Exceptionalism in Geography

What is Exceptionalism?

Exceptionalism is an idea that certain disciplines are exceptional in a sense that they study a particular aspect of events and phenomenon which is not studied by other disciplines.

  • Immanuel Kant is considered the father of exceptionalism.
  • He claimed that the geography and history are exceptional in a manner that geography focusses on the phenomenon over space or area whereas the history studies the phenomenon over time.
  • The space and time are two aspects of any event that is only studied by geography and history, respectively.
  • This specialty of these disciplines make them exceptional.

Exceptionalism in Geography

The term, exceptionalism in geography is primarily linked to Schaefer, an economist. He criticized the ideas of Richard Hartshorne on his views in his book ‘The Nature of Geography (1939)’.

  • Hartshorne built on the ideas of German geographers such as  who believed that the unifying theme of geography is the method of study i.e. focus on spatial relationships.
  • Hartshorne took the idea of Chorology from the Germans and argued that the primary aim of geography is to study the different components of a region as a whole.
  • He claimed that the dichotomy of geography into human and physical is unfortunate.
  • To conclude, Hartshorne declared that the prime aim of geography is to study the Areal Differentiations i.e. the difference between various regions.
  • Schaefer in his paper ‘Exceptionalism in Geography: A Methodological Examination‘ published in Annals of American Geographers criticized Hartshorne’s interpretation of work of Hettner and others.
  • He did not considered geography as a regional study because regional sciences compile the results of other systematic science, only and such compilation does not make any science exceptional. For instance, the use of results of biology, meteorology, physics, etc. in geography is not exceptional.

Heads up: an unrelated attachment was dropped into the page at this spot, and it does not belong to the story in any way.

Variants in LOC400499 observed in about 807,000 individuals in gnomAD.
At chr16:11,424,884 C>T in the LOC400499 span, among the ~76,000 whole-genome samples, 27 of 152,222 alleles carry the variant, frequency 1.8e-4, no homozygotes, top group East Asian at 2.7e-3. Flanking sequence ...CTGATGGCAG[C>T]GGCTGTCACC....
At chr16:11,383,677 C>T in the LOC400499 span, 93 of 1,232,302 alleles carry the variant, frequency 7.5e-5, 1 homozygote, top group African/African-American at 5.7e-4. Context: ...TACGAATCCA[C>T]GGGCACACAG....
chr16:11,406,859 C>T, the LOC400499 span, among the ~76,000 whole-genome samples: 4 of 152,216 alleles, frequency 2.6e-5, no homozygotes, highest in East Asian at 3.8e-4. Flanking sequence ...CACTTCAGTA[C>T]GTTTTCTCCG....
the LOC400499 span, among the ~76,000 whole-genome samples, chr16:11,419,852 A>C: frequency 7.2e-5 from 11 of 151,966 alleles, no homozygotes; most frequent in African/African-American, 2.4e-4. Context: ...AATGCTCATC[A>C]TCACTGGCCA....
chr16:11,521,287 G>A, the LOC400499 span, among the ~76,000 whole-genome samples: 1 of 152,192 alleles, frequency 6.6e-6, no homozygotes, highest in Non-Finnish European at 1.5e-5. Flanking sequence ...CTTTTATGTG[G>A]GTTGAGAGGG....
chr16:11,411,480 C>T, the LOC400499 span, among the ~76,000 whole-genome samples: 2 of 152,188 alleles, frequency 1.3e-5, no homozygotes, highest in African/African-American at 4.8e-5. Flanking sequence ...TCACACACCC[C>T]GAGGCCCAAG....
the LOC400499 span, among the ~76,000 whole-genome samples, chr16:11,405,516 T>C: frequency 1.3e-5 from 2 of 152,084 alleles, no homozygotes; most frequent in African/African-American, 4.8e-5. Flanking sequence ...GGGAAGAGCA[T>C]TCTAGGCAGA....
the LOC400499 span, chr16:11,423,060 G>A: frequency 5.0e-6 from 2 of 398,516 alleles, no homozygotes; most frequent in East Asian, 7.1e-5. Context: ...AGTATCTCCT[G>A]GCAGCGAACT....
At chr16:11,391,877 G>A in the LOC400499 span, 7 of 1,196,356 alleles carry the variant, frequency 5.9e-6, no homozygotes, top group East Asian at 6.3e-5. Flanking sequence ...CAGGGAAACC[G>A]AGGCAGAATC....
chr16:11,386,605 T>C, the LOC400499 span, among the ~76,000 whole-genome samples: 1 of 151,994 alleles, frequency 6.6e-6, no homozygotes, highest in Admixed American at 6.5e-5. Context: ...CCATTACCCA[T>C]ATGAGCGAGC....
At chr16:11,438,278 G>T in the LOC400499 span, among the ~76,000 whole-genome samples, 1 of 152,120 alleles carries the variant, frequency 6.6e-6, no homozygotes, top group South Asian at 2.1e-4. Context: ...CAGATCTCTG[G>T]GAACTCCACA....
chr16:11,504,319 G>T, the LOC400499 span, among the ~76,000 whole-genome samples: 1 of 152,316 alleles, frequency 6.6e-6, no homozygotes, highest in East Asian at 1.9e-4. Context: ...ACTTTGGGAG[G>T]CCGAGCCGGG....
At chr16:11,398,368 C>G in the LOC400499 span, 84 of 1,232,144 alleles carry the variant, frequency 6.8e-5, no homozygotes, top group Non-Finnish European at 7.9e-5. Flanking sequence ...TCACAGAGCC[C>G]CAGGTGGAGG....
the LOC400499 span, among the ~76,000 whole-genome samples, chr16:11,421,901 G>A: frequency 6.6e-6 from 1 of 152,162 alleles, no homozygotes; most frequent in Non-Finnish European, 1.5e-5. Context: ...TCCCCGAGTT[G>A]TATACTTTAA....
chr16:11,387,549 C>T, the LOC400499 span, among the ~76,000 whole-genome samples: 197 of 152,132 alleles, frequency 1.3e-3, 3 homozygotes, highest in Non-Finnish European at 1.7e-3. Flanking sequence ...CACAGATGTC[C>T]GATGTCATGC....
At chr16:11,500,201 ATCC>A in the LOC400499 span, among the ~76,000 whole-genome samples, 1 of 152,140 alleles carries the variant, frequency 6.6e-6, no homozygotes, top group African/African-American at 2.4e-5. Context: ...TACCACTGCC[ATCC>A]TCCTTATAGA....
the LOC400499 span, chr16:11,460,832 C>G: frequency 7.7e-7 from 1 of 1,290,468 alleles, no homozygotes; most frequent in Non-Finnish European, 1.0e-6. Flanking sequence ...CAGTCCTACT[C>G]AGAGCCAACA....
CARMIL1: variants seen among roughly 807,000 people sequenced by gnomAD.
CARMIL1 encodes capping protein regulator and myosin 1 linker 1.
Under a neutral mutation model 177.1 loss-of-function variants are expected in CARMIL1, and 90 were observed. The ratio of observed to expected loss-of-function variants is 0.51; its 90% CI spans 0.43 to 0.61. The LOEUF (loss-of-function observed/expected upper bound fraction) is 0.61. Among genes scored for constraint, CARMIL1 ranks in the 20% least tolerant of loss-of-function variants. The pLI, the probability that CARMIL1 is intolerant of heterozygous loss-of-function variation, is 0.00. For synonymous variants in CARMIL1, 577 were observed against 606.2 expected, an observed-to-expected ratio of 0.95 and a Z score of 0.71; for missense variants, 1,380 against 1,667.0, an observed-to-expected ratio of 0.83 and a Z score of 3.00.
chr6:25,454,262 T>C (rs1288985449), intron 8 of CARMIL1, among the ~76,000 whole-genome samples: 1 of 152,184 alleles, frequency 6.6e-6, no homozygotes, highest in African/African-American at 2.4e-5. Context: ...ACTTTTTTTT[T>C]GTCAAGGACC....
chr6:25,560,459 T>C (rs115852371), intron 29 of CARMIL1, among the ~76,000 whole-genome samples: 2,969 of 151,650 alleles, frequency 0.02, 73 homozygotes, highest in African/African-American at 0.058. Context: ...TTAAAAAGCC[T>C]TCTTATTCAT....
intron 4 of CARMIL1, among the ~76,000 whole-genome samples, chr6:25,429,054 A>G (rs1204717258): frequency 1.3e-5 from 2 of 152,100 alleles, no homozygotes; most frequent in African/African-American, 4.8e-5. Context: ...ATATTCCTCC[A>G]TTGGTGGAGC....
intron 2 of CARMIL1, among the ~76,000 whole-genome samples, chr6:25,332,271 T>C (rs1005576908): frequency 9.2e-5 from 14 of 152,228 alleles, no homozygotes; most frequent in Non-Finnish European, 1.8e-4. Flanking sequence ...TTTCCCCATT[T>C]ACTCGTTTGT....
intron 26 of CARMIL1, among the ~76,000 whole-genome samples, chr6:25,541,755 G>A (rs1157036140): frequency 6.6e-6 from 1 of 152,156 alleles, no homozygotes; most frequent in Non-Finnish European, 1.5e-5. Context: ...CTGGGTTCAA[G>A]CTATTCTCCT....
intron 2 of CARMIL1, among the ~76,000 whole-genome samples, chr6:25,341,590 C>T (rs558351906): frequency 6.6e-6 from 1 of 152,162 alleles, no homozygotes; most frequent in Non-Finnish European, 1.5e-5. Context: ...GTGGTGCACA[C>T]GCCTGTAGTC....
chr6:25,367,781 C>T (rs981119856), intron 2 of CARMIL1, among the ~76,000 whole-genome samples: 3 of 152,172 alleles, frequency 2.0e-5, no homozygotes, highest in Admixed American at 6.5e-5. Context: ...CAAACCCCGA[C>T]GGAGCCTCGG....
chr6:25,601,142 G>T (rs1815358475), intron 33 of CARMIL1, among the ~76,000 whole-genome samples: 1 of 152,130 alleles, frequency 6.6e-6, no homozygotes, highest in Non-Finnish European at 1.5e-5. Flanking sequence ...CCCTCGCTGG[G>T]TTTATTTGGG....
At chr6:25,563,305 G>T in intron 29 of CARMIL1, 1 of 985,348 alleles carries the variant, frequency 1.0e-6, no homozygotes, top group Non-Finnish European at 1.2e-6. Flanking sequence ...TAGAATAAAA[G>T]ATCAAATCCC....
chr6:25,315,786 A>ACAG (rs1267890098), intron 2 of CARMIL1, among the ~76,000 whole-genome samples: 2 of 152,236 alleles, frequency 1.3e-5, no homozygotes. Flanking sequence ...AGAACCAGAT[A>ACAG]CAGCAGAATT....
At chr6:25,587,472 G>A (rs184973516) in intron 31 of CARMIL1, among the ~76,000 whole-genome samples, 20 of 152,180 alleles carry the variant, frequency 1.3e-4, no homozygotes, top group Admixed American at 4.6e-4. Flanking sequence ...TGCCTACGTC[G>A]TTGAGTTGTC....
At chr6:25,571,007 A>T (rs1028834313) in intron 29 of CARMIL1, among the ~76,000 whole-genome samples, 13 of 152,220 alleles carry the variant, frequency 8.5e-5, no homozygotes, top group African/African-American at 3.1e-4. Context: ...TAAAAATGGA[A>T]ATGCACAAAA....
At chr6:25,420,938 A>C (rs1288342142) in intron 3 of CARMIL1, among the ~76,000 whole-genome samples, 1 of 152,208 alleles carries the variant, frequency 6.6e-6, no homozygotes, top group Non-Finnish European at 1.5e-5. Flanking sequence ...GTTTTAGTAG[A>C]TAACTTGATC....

Schaefer’s Views on Geography

  • Geography being an integrative and regional science does not make it exceptional.
  • Schaefer considers geography as a social science.
  • All disciplines have certain specific task.
  • Similarly, Geography studies the regularities and patterns of phenomena on the surface of earth. For example, Von Thunen studied the pattern of land use around a city, Christaller studied the pattern of distribution of cities over space etc.
  • No other science studies the patterns of phenomena as Geography does.
  • He termed geography as a science of spatial arrangements.
  • He attacked Hartshornian orthodoxy and claims that nature of geography is to study the pattern of distribution of man-environment. It job is not to make a description of each and every man-environment relationship.
  • Schaefer argued that Hettner considers history and geography as chorological and called them ‘time wissenschaft’ and ‘space wissenschaft’ i.e. temporal science and spatial science, respectively.
  • Therefore, geography is a nomothetic/ systematic science concerning study of patterns of phenomenon and laws explaining or regulating those patterns.

Critique of Schaefer

  1. Hartshorne’s ideas are more nuanced than Schaefer understood.
  2. Hartshorne found it essential to study Areal Differentiation which underpins the regional combinations rather than just compilations as maintained by Schaefer.
  3. Hartshorne further clarified that the description of earth’s surface involves the “…synthesis of integrations composed of interrelated phenomena of the greatest degree of heterogeneity of perhaps any field of science.”
  4. Schaefer considered geography a nomothetic/ systematic social science concerned with making laws but he did not provide a clear boundary between idiographic/ regional and nomothetic/ systematic geography.

The ideas of Schaefer gave a lot of importance to law making which became the mainstay of quantitative revolution in geography during 1950s-60s. He positioned geography as a social science.